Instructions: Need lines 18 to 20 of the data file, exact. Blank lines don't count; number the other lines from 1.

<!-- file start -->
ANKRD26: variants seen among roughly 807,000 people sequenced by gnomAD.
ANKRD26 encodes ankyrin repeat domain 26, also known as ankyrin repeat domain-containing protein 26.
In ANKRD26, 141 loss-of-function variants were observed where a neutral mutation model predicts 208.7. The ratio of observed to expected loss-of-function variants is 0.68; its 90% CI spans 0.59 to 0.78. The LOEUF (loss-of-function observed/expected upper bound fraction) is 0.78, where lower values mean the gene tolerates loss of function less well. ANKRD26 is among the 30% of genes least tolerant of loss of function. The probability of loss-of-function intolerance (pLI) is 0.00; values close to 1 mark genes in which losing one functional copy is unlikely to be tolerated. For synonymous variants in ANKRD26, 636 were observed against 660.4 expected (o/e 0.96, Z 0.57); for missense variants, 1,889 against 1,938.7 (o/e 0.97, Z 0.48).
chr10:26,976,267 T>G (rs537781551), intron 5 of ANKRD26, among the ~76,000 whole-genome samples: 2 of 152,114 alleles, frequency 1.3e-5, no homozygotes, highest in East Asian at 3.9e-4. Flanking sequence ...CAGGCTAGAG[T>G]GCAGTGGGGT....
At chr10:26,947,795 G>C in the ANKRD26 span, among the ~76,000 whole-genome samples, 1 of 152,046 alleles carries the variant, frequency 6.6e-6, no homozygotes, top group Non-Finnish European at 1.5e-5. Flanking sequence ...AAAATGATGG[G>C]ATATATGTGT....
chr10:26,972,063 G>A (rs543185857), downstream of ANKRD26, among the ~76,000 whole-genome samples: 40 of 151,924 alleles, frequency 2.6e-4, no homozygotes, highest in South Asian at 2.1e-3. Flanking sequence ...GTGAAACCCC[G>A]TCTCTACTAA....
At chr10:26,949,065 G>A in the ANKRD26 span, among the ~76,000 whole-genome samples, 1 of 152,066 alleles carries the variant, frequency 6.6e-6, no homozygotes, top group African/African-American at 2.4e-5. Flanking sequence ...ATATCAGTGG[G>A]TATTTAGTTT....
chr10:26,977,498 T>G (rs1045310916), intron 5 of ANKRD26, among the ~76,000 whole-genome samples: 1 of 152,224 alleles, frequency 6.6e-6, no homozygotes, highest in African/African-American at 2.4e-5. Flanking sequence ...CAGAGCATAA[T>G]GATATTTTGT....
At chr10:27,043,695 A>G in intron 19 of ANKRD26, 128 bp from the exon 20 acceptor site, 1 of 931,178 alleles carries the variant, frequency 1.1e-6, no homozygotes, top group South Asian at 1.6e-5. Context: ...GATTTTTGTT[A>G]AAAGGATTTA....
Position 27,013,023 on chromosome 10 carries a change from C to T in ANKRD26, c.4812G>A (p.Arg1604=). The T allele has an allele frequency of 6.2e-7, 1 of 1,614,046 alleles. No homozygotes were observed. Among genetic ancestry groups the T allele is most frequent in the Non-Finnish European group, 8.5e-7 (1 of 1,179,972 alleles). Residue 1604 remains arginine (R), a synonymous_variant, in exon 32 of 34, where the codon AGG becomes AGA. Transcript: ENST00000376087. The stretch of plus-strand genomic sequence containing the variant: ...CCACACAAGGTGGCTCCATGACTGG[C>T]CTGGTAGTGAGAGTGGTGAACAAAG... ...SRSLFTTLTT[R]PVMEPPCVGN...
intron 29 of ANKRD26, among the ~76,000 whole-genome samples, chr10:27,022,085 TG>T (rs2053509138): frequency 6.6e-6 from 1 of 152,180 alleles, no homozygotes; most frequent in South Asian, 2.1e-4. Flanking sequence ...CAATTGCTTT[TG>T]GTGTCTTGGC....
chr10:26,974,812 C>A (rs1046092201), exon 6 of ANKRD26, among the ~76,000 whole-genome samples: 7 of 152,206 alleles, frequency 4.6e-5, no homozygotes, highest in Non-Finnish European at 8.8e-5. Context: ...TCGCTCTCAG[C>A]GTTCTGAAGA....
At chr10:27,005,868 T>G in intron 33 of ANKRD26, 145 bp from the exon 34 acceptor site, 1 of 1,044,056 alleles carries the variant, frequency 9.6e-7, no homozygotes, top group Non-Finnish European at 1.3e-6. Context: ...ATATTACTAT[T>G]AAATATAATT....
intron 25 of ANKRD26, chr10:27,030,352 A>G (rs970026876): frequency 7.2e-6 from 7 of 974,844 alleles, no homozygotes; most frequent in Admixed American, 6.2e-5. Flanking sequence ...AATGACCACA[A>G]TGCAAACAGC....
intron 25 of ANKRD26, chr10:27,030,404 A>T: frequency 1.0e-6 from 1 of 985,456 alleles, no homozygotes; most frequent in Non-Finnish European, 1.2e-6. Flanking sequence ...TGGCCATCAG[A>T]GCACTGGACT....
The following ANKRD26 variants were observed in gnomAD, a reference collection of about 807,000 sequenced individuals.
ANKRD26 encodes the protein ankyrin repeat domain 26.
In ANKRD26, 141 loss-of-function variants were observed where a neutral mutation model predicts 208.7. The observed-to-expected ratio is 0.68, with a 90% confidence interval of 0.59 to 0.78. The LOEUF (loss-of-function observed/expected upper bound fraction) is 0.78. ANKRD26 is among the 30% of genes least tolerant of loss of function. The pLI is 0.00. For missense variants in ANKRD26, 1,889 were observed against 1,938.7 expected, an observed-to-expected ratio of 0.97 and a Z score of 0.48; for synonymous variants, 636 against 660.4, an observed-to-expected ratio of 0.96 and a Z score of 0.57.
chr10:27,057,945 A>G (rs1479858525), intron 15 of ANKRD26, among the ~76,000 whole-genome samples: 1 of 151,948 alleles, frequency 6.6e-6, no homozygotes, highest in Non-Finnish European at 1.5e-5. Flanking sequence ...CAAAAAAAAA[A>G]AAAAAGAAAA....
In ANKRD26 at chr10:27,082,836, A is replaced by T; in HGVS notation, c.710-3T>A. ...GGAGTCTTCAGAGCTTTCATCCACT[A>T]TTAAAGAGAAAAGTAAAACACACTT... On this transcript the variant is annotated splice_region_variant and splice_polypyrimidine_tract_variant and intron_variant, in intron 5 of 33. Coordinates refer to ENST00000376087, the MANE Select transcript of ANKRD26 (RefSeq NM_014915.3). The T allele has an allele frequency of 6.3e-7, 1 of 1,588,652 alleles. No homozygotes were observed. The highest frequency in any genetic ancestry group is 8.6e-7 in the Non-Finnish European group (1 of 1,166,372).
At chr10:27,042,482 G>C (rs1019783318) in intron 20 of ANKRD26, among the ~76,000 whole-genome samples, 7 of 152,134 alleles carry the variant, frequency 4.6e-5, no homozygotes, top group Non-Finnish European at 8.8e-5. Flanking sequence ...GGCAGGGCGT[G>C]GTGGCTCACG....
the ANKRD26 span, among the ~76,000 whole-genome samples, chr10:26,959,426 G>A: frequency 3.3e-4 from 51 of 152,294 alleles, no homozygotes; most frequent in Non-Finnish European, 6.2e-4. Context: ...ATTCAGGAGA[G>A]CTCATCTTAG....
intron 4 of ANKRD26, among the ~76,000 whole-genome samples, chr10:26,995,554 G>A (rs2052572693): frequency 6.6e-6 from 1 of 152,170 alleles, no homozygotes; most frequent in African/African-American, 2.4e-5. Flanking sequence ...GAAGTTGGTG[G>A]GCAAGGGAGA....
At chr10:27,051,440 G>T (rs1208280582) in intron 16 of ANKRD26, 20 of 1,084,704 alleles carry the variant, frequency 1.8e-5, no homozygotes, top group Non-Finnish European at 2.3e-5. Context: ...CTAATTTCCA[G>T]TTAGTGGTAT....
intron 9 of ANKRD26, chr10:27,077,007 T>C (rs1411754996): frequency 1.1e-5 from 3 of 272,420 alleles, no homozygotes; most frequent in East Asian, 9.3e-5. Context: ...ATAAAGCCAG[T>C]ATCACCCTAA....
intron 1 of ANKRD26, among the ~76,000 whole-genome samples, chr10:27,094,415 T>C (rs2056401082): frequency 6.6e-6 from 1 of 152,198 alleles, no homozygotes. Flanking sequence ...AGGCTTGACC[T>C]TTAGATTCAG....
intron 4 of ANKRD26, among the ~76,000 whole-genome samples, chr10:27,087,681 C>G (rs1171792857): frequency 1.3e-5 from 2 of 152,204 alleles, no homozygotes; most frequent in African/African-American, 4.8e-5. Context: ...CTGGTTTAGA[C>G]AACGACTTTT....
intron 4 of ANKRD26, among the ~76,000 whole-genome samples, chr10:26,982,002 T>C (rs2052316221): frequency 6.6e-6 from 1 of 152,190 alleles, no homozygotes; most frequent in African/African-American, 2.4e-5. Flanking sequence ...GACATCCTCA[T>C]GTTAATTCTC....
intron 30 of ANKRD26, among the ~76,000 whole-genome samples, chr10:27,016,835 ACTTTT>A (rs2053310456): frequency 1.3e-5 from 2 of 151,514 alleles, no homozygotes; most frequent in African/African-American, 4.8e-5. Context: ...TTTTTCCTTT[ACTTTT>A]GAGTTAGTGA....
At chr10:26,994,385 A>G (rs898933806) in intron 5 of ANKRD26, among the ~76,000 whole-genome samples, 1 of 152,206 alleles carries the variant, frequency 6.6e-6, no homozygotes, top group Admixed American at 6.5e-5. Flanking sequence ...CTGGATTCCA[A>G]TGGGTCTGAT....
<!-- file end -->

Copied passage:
In ANKRD26, 141 loss-of-function variants were observed where a neutral mutation model predicts 208.7. The observed-to-expected ratio is 0.68, with a 90% confidence interval of 0.59 to 0.78. The LOEUF (loss-of-function observed/expected upper bound fraction) is 0.78. ANKRD26 is among the 30% of genes least tolerant of loss of function. The pLI is 0.00. For missense variants in ANKRD26, 1,889 were observed against 1,938.7 expected, an observed-to-expected ratio of 0.97 and a Z score of 0.48; for synonymous variants, 636 against 660.4, an observed-to-expected ratio of 0.96 and a Z score of 0.57.
chr10:27,057,945 A>G (rs1479858525), intron 15 of ANKRD26, among the ~76,000 whole-genome samples: 1 of 151,948 alleles, frequency 6.6e-6, no homozygotes, highest in Non-Finnish European at 1.5e-5. Flanking sequence ...CAAAAAAAAA[A>G]AAAAAGAAAA....
In ANKRD26 at chr10:27,082,836, A is replaced by T; in HGVS notation, c.710-3T>A. ...GGAGTCTTCAGAGCTTTCATCCACT[A>T]TTAAAGAGAAAAGTAAAACACACTT... On this transcript the variant is annotated splice_region_variant and splice_polypyrimidine_tract_variant and intron_variant, in intron 5 of 33. Coordinates refer to ENST00000376087, the MANE Select transcript of ANKRD26 (RefSeq NM_014915.3). The T allele has an allele frequency of 6.3e-7, 1 of 1,588,652 alleles. No homozygotes were observed. The highest frequency in any genetic ancestry group is 8.6e-7 in the Non-Finnish European group (1 of 1,166,372).